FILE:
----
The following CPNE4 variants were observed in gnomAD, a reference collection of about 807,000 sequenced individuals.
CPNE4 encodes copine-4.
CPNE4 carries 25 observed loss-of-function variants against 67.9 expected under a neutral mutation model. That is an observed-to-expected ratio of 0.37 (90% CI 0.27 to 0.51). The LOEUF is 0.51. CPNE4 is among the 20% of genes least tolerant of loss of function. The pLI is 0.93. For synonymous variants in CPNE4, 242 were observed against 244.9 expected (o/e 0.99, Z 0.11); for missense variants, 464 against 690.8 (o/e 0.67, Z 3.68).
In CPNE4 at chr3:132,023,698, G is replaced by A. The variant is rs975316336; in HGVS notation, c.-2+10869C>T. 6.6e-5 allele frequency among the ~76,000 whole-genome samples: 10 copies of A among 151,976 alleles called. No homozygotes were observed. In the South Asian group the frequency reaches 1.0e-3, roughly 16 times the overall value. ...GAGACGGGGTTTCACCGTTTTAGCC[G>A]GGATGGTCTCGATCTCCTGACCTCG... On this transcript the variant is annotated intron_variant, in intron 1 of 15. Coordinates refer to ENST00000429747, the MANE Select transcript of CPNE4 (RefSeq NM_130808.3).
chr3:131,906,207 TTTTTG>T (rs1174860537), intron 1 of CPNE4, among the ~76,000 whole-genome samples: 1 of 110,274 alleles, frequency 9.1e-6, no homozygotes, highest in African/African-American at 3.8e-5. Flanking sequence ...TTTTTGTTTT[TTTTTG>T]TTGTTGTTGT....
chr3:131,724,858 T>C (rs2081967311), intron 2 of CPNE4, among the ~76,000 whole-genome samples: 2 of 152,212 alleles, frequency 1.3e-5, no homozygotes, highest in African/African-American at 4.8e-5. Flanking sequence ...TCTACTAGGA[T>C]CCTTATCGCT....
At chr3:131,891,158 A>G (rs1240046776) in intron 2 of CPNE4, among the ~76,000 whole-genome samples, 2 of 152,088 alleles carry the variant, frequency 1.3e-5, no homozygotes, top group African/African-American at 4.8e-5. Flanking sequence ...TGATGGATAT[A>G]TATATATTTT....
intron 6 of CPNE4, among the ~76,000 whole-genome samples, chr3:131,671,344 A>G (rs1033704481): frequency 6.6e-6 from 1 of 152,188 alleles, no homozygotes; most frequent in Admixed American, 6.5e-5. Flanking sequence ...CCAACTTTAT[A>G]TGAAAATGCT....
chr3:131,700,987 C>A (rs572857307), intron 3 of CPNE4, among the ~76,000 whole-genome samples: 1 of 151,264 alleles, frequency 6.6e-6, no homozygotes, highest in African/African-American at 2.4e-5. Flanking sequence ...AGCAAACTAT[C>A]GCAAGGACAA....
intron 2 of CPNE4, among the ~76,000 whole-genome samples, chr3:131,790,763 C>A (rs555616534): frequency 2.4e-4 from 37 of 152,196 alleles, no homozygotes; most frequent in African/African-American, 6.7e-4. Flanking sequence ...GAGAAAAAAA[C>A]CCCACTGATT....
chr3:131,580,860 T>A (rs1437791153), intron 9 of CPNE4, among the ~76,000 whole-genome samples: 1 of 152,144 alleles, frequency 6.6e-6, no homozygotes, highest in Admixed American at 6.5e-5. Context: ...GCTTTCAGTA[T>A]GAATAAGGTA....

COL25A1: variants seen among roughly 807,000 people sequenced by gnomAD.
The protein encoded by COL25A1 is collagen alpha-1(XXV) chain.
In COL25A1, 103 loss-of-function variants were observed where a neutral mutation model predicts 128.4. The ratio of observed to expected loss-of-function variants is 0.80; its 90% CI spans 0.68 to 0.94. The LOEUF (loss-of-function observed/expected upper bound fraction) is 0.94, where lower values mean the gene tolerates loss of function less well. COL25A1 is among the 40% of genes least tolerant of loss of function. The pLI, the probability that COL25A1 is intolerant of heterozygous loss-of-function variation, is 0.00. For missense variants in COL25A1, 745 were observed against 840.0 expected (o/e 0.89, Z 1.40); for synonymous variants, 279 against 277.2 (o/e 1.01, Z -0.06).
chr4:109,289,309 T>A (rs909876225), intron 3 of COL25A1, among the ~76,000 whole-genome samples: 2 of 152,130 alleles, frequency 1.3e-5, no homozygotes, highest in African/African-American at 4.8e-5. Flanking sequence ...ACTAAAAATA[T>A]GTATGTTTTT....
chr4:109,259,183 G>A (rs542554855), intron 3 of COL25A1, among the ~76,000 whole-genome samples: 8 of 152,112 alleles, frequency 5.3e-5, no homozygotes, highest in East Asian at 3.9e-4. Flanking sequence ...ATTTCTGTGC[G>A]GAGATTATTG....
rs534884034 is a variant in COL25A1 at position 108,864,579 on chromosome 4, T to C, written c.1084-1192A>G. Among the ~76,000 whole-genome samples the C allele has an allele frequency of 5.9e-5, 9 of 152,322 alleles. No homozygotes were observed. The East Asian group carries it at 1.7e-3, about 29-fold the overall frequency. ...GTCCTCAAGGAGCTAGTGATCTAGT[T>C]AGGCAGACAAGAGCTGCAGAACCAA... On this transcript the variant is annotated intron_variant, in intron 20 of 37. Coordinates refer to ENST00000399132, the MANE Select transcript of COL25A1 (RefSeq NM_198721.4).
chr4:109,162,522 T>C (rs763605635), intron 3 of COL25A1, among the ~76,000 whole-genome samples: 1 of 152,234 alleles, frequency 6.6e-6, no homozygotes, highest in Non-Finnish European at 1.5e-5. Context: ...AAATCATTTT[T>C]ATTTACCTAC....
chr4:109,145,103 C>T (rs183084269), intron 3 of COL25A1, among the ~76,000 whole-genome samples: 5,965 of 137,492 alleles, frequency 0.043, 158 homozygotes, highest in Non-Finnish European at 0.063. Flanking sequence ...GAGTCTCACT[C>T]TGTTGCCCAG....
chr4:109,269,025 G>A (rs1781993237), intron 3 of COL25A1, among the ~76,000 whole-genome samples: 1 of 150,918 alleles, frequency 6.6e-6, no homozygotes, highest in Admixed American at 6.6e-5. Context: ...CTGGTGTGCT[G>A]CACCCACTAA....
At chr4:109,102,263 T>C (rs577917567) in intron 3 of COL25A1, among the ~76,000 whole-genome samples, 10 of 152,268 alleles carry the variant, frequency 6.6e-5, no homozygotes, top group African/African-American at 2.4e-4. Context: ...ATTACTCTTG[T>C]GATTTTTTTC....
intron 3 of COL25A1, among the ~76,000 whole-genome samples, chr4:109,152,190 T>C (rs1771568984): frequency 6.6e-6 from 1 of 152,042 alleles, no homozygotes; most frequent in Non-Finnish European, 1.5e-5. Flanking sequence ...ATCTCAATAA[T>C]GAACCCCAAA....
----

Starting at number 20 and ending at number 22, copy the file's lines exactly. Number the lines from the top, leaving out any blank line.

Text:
chr4:109,269,025 G>A (rs1781993237), intron 3 of COL25A1, among the ~76,000 whole-genome samples: 1 of 150,918 alleles, frequency 6.6e-6, no homozygotes, highest in Admixed American at 6.6e-5. Context: ...CTGGTGTGCT[G>A]CACCCACTAA....
At chr4:109,102,263 T>C (rs577917567) in intron 3 of COL25A1, among the ~76,000 whole-genome samples, 10 of 152,268 alleles carry the variant, frequency 6.6e-5, no homozygotes, top group African/African-American at 2.4e-4. Context: ...ATTACTCTTG[T>C]GATTTTTTTC....
intron 3 of COL25A1, among the ~76,000 whole-genome samples, chr4:109,152,190 T>C (rs1771568984): frequency 6.6e-6 from 1 of 152,042 alleles, no homozygotes; most frequent in Non-Finnish European, 1.5e-5. Flanking sequence ...ATCTCAATAA[T>C]GAACCCCAAA....